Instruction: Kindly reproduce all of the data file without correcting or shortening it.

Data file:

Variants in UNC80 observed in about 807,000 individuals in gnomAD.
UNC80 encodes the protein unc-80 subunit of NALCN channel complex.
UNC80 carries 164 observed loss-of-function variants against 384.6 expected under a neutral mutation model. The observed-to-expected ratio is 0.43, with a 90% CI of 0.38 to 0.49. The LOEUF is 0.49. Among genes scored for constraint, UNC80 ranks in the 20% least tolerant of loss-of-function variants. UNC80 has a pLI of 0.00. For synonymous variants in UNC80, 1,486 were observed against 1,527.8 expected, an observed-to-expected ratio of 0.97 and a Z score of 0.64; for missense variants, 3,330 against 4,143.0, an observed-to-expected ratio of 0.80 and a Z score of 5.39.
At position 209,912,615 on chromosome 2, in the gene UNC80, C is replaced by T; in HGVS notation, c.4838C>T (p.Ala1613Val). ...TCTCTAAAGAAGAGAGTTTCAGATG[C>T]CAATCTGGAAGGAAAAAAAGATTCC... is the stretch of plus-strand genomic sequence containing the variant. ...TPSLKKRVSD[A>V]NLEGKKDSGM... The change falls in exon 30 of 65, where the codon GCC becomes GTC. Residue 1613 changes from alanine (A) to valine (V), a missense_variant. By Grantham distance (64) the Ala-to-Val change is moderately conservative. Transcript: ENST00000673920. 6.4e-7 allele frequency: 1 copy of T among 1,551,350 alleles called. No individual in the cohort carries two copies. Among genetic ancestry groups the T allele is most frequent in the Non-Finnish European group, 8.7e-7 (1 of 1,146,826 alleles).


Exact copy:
Variants in UNC80 observed in about 807,000 individuals in gnomAD.
UNC80 encodes the protein unc-80 subunit of NALCN channel complex.
UNC80 carries 164 observed loss-of-function variants against 384.6 expected under a neutral mutation model. The observed-to-expected ratio is 0.43, with a 90% CI of 0.38 to 0.49. The LOEUF is 0.49. Among genes scored for constraint, UNC80 ranks in the 20% least tolerant of loss-of-function variants. UNC80 has a pLI of 0.00. For synonymous variants in UNC80, 1,486 were observed against 1,527.8 expected, an observed-to-expected ratio of 0.97 and a Z score of 0.64; for missense variants, 3,330 against 4,143.0, an observed-to-expected ratio of 0.80 and a Z score of 5.39.
At position 209,912,615 on chromosome 2, in the gene UNC80, C is replaced by T; in HGVS notation, c.4838C>T (p.Ala1613Val). ...TCTCTAAAGAAGAGAGTTTCAGATG[C>T]CAATCTGGAAGGAAAAAAAGATTCC... is the stretch of plus-strand genomic sequence containing the variant. ...TPSLKKRVSD[A>V]NLEGKKDSGM... The change falls in exon 30 of 65, where the codon GCC becomes GTC. Residue 1613 changes from alanine (A) to valine (V), a missense_variant. By Grantham distance (64) the Ala-to-Val change is moderately conservative. Transcript: ENST00000673920. 6.4e-7 allele frequency: 1 copy of T among 1,551,350 alleles called. No individual in the cohort carries two copies. Among genetic ancestry groups the T allele is most frequent in the Non-Finnish European group, 8.7e-7 (1 of 1,146,826 alleles).